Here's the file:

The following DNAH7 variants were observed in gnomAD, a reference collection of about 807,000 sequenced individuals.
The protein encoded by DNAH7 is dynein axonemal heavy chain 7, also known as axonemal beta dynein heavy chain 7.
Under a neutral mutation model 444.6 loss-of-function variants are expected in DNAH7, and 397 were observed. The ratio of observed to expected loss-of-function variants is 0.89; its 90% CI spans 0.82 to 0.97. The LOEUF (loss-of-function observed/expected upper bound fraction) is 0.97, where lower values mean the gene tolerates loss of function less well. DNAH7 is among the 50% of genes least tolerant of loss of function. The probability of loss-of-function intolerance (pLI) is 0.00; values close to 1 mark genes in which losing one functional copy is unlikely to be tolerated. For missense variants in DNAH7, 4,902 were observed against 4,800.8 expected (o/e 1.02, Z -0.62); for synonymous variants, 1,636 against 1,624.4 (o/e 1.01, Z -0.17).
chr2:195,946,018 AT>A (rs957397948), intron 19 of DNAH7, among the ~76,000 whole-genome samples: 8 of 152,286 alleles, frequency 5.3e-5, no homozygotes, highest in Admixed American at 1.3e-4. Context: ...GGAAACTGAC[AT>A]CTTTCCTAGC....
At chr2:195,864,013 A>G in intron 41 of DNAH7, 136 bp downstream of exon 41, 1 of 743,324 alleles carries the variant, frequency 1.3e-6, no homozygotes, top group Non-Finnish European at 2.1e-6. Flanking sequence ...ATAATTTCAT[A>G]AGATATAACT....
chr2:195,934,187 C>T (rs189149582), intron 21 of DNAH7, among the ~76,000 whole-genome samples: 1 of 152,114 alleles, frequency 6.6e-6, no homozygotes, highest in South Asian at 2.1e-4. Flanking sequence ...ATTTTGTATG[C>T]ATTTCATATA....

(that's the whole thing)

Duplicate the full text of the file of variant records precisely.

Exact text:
The following DNAH7 variants were observed in gnomAD, a reference collection of about 807,000 sequenced individuals.
The protein encoded by DNAH7 is dynein axonemal heavy chain 7, also known as axonemal beta dynein heavy chain 7.
Under a neutral mutation model 444.6 loss-of-function variants are expected in DNAH7, and 397 were observed. The ratio of observed to expected loss-of-function variants is 0.89; its 90% CI spans 0.82 to 0.97. The LOEUF (loss-of-function observed/expected upper bound fraction) is 0.97, where lower values mean the gene tolerates loss of function less well. DNAH7 is among the 50% of genes least tolerant of loss of function. The probability of loss-of-function intolerance (pLI) is 0.00; values close to 1 mark genes in which losing one functional copy is unlikely to be tolerated. For missense variants in DNAH7, 4,902 were observed against 4,800.8 expected (o/e 1.02, Z -0.62); for synonymous variants, 1,636 against 1,624.4 (o/e 1.01, Z -0.17).
chr2:195,946,018 AT>A (rs957397948), intron 19 of DNAH7, among the ~76,000 whole-genome samples: 8 of 152,286 alleles, frequency 5.3e-5, no homozygotes, highest in Admixed American at 1.3e-4. Context: ...GGAAACTGAC[AT>A]CTTTCCTAGC....
At chr2:195,864,013 A>G in intron 41 of DNAH7, 136 bp downstream of exon 41, 1 of 743,324 alleles carries the variant, frequency 1.3e-6, no homozygotes, top group Non-Finnish European at 2.1e-6. Flanking sequence ...ATAATTTCAT[A>G]AGATATAACT....
chr2:195,934,187 C>T (rs189149582), intron 21 of DNAH7, among the ~76,000 whole-genome samples: 1 of 152,114 alleles, frequency 6.6e-6, no homozygotes, highest in South Asian at 2.1e-4. Flanking sequence ...ATTTTGTATG[C>T]ATTTCATATA....